Monday, December 7, 2009

What Do You Think About This?

We all know about the Climategate scandal. We have all talked about the e-mails, data manipulation, shoddy science, etc.

The question this week is what do you think about the fact that the e-mails were hacked? They belonged to someone else and were stolen from them.

It is hard to argue that this is not theft.

The question is, is it justified? When is hacking justified? Is it okay to do it for the greater good?

So, is the person that did this a whistleblower or hacker?

10 comments:

Randy said...

If the person were a whistleblower, he (or she) would have been an insider and probably privvy to the emails to begin with.

By definition, if the emails were hacked, that's a crime. Doesn't change the aspect of the initial crime, doesn't excuse it, only explains this particular action. The criminal involved needs to face jail time (as do the criminals who covered up evidence in the first place).

Two wrongs don't make a righ.

DaBlade said...

Two wrongs may not make a righ, but an extra consanant does. This is so ridiculous to even compare the two. I wouldn't be surprised if Nancy Pelosi called on authorities to arrest TV weather people for broadcasting when it snows.

Always On Watch said...

I say that the hacking was justified because, in effect, a fraud was uncovered.

Greywolfe said...

I'm going to come down on the slap on the wrist with a wink side of the argument.

One of my favorite sayings is "Extremism in defense of a righteous cause is not a vice, its a duty".

In 1773, a group of men dumped a load of tea into the Boston harbor in protest. Clearly a crime, as the tea did not belong to them. But celebrated as the first act of the Revolutionary War.

My biggest complaint about the conservatives in America is that they aren't willing to get dirty in order to stop the march to socialism (which is the main purpose of the "global warming" movement).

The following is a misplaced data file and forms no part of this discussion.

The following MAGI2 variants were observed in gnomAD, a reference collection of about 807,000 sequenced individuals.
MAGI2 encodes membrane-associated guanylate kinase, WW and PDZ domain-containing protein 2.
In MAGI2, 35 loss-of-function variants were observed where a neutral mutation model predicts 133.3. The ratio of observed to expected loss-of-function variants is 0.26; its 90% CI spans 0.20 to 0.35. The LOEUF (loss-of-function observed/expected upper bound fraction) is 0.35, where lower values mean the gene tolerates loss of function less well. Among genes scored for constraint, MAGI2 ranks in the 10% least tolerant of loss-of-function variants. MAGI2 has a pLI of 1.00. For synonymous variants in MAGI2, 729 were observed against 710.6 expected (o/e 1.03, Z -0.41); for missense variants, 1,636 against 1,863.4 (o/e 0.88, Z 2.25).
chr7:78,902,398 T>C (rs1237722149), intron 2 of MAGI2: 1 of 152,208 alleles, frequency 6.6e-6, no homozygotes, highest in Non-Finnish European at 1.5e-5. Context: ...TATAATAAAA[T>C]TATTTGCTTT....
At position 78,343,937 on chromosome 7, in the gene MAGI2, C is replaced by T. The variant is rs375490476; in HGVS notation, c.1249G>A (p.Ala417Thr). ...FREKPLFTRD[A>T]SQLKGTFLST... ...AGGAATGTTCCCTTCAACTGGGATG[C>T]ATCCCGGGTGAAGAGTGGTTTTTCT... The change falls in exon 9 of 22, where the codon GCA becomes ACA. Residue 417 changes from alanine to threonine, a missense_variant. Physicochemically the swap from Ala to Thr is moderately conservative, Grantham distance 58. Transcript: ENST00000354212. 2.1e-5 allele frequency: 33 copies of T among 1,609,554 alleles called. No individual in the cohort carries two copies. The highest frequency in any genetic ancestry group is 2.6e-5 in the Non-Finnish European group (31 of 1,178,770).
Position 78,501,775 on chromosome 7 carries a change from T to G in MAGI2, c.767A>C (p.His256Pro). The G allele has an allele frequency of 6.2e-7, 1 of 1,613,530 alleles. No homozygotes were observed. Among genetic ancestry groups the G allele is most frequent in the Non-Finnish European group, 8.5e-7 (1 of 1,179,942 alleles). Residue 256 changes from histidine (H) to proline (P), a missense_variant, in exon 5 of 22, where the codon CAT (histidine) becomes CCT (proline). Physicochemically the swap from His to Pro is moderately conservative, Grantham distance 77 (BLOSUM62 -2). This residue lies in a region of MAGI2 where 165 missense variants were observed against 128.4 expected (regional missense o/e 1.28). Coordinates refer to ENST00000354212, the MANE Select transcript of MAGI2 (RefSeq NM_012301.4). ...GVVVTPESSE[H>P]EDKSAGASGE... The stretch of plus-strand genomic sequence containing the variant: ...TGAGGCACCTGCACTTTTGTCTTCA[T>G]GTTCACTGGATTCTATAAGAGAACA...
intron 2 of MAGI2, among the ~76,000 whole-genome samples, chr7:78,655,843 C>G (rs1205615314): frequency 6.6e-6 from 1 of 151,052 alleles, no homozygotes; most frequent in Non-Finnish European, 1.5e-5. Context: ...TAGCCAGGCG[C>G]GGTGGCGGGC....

This hacker has done more to stop that march than all the bloggers (me included) on the internet.

Miss T.C. Shore said...

It seems the "hacker" knew what he was looking for. He was either tipped by an insider, or was an insider, himself. This seems to be a case of "whisleblowing" as much as hacking.

Let's assume the worst. It was a malicious hacker who stumbled on a conspiracy. Okay. Fine. Find the hacker and treat him as any other hacker. What would happen? A fine, maybe? Probation? Possibly. His crime was relatively small.

Then let's go after the major racketeers who have colluded to alter the economies of every nation in the world in order to garner money, power and influence in the name of environmentalism. These guys have committed crimes against humanity.

Brooke said...

Whistleblower.

It's just like the officer saying he shouldn't be accountable for following an immoral order; it just doesn't hold up.

MK said...

Actually like Miss TC said, the emails were leaked. I even heard that the BBC was informed of it a few weeks before them but wasn't interested. So the insider out of frustration leaked them to some 'hacker'.

Even if they were hacked, i couldn't care less, the left didn't give a crap when Palin's emails were hacked and when they smeared her children and newborn. Screw them, they can choke down their own medicine.

Chuck said...

Interesting converstaion all.

I have to agree with a lot of what is said here.

From Randy's two wrongs don't make a right to AOW's contention that it is okay because the greater good was served. I know this sounds wishy-washy but I don't have an easy answer to this.

It is an old dilemmna, should laws be followed that may protect an immoral act?

Brooke put it best. As did Greywolfe with his Boston Tea Party analogy.

Finally, TC and MK brought up a good point in that it appeared to be an inside job which would make it a whistleblower.

DaBlade, it is funny that the libs that get nostalgic about civil disobediance scream about leaked e-mails that hurt their cause.

Always On Watch said...

I don't exactly contend that two wrongs make a right.

In effect, global warming is a fraud which leads to the Nanny State, which leads to violation of our Constitution.

Traditionally, however government scandals are uncovered doesn't really matter as long as the scandals are uncovered.

Randy said...

Greywolfe mentioned the Tea party, which as I recall from Mary Poppins made the tea undrinkable (sorry, couldn't resist).

So, how is this hacking different than what Greenpeace does? Is civil disobedience ok if it meets your needs? After all the ends justifies the means, right?

In the US, the emails could have been retrieved based on the Freedom of Information Act. Certainly, the perpetrators could have deleted them, but then spoliation comes into play (one of my favorite legal terms).